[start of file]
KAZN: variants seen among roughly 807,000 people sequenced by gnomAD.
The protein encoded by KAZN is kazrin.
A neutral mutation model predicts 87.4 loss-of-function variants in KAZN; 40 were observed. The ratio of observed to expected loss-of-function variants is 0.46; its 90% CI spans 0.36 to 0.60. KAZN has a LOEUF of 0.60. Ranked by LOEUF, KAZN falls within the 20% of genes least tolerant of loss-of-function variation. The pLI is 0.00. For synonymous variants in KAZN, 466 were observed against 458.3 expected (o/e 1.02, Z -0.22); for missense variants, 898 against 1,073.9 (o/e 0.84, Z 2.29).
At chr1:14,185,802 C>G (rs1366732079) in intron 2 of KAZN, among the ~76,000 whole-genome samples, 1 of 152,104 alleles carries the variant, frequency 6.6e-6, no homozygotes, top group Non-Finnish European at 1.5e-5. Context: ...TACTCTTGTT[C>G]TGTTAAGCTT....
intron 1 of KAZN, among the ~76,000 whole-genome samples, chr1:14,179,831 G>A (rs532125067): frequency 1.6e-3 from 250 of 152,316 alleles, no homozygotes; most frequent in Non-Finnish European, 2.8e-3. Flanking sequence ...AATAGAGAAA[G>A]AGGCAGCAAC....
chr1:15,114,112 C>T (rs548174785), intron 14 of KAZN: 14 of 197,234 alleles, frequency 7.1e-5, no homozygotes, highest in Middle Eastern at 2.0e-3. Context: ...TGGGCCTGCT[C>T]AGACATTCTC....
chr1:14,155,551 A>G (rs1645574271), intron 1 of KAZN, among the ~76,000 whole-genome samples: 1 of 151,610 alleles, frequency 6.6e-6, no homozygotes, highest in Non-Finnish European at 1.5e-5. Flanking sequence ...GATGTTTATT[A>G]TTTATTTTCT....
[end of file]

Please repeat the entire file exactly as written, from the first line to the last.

KAZN: variants seen among roughly 807,000 people sequenced by gnomAD.
The protein encoded by KAZN is kazrin.
A neutral mutation model predicts 87.4 loss-of-function variants in KAZN; 40 were observed. The ratio of observed to expected loss-of-function variants is 0.46; its 90% CI spans 0.36 to 0.60. KAZN has a LOEUF of 0.60. Ranked by LOEUF, KAZN falls within the 20% of genes least tolerant of loss-of-function variation. The pLI is 0.00. For synonymous variants in KAZN, 466 were observed against 458.3 expected (o/e 1.02, Z -0.22); for missense variants, 898 against 1,073.9 (o/e 0.84, Z 2.29).
At chr1:14,185,802 C>G (rs1366732079) in intron 2 of KAZN, among the ~76,000 whole-genome samples, 1 of 152,104 alleles carries the variant, frequency 6.6e-6, no homozygotes, top group Non-Finnish European at 1.5e-5. Context: ...TACTCTTGTT[C>G]TGTTAAGCTT....
intron 1 of KAZN, among the ~76,000 whole-genome samples, chr1:14,179,831 G>A (rs532125067): frequency 1.6e-3 from 250 of 152,316 alleles, no homozygotes; most frequent in Non-Finnish European, 2.8e-3. Flanking sequence ...AATAGAGAAA[G>A]AGGCAGCAAC....
chr1:15,114,112 C>T (rs548174785), intron 14 of KAZN: 14 of 197,234 alleles, frequency 7.1e-5, no homozygotes, highest in Middle Eastern at 2.0e-3. Context: ...TGGGCCTGCT[C>T]AGACATTCTC....
chr1:14,155,551 A>G (rs1645574271), intron 1 of KAZN, among the ~76,000 whole-genome samples: 1 of 151,610 alleles, frequency 6.6e-6, no homozygotes, highest in Non-Finnish European at 1.5e-5. Flanking sequence ...GATGTTTATT[A>G]TTTATTTTCT....